Antibiotic use is widespread not only in the general population but also in the agricultural industry for crop and animal production. Substantial evidence exists on successful use of wide range of these antibiotics in farm animals for metaphylaxis, prophylaxis and growth promotion [1, 2, 3]. This results in the production of healthy meat from livestock, by virtue of increase in infection prevention and outbreaks as well as growth promotion. Antibiotics have also been indispensable for crop production, having been used in this sector for more than 50 years in the United States [4]. Consequently, significant residues of veterinary antibiotics have been reported in crop field and harvested crops [5, 6].

In the pig, dairy and poultry industries, antibiotics are used extensively, as component of their feeding and routine management practices globally, either to prevent diseases or stimulate growth [7, 8]. The manure, from these animals has been reported to contain residuals of antibiotics fed to them [9, 10]. Due to the transition of antibiotic through the animal body systems, there is a tendency of reduction in the lethal dose of the antibiotics that ends up in the manure. Animal’s dropping and urine contain between 70%–90% of the antibiotic administered unchanged or in active metabolites [11]. Subsequently, the antibiotics contained in the manure would have low efficacy to kill bacteria they come in contact with, potentially predisposing the exposed bacteria to resistance gene development. In some instances, the manure may also carry resistance genes [12, 13] which are introduced into farms when these manures are applied as soil amendments. The emerged resistance genes and resistant bacteria are disseminated directly through soils, ground and surface water, atmosphere, contaminated crops to healthy animals and humans.

Over the years, growing concerns from the public and the scientific community have been consistent in relation to the emergence and/or development of microbial resistance from exposure to clinical and veterinary antibiotics. These are legitimate concerns because of the potential negative impact antibiotics could have on humans, soil health and subsequently food security. A number of disease conditions have been reported in humans [14, 15], livestock and plant that were traced to antimicrobial resistance genes. Besides, human exposure to these resistant microbes and genes could result in human and animal mortality. It is estimated that more than 2 million Americans are infected with antibiotic resistant bacteria annually, out of which 23,000 died. About 10 million deaths have been predicted to occur as a result of exposure to antibiotic resistance microbes [16]. Moreover, exposure to resistance microbes could result in the loss of significant number of working days due to indisposition and time required to treat infection. Additionally, the sick is burdened financially through the cost involved in infection treatment. Control of plant diseases caused by resistance microbes could be difficult, affecting yield and subsequently food security.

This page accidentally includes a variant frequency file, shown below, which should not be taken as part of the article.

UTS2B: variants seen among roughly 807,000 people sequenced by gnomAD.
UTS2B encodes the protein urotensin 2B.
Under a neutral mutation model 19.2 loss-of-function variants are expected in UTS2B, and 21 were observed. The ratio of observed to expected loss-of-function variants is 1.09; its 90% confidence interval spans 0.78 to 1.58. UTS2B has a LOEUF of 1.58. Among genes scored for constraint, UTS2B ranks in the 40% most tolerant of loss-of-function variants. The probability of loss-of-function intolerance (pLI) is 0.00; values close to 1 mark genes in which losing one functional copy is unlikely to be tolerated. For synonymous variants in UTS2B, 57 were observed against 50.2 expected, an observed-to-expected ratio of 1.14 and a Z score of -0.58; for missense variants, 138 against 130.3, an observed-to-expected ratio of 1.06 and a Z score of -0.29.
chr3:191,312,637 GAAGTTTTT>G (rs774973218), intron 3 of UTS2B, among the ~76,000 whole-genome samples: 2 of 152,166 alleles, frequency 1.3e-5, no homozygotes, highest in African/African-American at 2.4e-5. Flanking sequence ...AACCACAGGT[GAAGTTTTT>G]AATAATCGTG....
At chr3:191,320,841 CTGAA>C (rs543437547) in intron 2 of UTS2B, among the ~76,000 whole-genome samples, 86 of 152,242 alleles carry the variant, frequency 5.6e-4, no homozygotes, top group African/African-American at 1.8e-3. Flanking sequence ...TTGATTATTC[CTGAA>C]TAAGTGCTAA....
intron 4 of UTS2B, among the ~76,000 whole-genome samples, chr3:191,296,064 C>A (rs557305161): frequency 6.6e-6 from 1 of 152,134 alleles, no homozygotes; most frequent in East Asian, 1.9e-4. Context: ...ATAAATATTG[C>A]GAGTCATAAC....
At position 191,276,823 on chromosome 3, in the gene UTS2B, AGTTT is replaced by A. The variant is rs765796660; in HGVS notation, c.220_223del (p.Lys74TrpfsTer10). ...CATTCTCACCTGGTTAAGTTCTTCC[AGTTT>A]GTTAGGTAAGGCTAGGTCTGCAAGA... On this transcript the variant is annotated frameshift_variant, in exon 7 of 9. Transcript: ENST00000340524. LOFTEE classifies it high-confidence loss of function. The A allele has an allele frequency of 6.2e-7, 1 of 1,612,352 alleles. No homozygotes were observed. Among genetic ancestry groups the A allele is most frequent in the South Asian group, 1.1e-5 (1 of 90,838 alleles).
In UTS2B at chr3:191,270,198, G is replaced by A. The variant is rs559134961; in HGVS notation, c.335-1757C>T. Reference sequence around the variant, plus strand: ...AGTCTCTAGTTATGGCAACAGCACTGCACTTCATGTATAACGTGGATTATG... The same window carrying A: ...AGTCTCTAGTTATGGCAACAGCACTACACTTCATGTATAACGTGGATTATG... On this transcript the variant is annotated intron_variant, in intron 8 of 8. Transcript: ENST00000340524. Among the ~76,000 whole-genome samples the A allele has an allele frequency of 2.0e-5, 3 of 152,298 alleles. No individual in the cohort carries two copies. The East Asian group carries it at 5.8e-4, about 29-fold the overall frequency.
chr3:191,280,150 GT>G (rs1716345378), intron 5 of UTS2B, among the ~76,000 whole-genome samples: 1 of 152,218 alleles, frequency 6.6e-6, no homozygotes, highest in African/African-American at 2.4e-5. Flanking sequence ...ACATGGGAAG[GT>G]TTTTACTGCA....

In soil, antibiotics could negatively impact soil health through its interaction with the microbial community. It has been reported that antibiotics affect the overall population of soil microorganisms [17, 18], enzyme activity [19, 20], carbon and nitrogen mineralization [21], and competition with cations for exchange sites [22].

In order to regulate antibiotic use, conserve its efficacy and reduce or prevent the development of microbial selection in the environment and prevent disruption of soil biodiversity, the World Health Organization (WHO) has suggested its use must be under supervision of licensed veterinary officer and related health experts [23]. In addition, pragmatic efforts are required by stakeholders both in medical practice and agriculture to ensure ‘best practices’ which include but not limited to, buying and dispensing of antibiotics under official prescriptions, administration of antibiotics to animals at the oversight of veterinarian and observing withdrawal periods.